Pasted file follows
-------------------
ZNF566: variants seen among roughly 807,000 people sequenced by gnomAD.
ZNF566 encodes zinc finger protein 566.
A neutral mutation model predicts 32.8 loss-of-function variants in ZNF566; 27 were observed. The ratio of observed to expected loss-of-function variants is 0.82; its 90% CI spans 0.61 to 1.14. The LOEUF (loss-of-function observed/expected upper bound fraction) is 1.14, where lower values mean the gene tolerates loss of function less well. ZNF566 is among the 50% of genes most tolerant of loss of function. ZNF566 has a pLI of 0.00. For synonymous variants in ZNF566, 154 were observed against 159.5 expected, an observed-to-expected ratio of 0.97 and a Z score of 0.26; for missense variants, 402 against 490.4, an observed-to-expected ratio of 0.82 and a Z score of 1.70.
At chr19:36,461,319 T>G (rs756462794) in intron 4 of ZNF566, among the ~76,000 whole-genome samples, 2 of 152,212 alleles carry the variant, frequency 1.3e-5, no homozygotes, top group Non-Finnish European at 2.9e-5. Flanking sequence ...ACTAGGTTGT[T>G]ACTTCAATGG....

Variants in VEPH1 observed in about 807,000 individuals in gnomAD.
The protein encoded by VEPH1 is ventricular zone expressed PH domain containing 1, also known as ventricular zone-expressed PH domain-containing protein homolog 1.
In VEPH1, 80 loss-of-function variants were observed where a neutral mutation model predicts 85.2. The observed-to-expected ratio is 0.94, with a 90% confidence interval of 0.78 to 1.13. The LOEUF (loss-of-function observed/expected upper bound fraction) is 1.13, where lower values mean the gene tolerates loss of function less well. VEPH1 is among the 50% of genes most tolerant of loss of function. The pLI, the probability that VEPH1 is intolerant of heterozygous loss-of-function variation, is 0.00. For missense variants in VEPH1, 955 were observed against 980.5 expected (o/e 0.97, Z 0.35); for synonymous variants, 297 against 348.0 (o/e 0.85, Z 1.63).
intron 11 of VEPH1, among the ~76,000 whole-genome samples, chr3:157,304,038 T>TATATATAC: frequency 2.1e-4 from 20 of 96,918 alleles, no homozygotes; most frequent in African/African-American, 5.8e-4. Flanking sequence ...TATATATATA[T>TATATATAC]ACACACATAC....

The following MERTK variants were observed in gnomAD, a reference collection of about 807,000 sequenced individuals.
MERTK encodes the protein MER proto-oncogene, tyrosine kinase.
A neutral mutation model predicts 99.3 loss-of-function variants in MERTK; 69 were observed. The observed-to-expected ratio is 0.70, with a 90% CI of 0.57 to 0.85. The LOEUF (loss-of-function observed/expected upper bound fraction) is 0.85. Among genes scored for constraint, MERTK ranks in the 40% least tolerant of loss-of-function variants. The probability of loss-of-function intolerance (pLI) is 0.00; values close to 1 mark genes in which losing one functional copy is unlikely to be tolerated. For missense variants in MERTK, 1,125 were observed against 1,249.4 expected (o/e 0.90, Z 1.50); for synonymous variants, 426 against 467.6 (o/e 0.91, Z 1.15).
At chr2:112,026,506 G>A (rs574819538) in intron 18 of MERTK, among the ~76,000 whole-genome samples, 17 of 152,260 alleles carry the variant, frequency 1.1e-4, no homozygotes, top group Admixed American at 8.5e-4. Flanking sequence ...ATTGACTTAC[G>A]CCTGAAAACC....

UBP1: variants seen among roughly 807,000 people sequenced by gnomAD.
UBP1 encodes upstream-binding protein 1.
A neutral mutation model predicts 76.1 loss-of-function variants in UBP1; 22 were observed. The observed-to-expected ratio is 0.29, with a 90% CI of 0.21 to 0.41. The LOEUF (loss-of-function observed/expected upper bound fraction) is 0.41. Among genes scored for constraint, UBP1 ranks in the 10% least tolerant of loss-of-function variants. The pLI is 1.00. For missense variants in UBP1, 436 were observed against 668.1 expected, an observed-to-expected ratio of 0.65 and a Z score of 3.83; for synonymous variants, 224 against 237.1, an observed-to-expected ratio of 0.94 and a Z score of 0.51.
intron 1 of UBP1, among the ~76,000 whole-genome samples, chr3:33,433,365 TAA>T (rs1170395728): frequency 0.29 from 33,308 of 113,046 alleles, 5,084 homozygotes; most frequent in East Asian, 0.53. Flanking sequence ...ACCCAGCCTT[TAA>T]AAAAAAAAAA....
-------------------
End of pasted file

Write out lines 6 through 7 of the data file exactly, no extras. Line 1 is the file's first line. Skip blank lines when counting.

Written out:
The protein encoded by VEPH1 is ventricular zone expressed PH domain containing 1, also known as ventricular zone-expressed PH domain-containing protein homolog 1.
In VEPH1, 80 loss-of-function variants were observed where a neutral mutation model predicts 85.2. The observed-to-expected ratio is 0.94, with a 90% confidence interval of 0.78 to 1.13. The LOEUF (loss-of-function observed/expected upper bound fraction) is 1.13, where lower values mean the gene tolerates loss of function less well. VEPH1 is among the 50% of genes most tolerant of loss of function. The pLI, the probability that VEPH1 is intolerant of heterozygous loss-of-function variation, is 0.00. For missense variants in VEPH1, 955 were observed against 980.5 expected (o/e 0.97, Z 0.35); for synonymous variants, 297 against 348.0 (o/e 0.85, Z 1.63).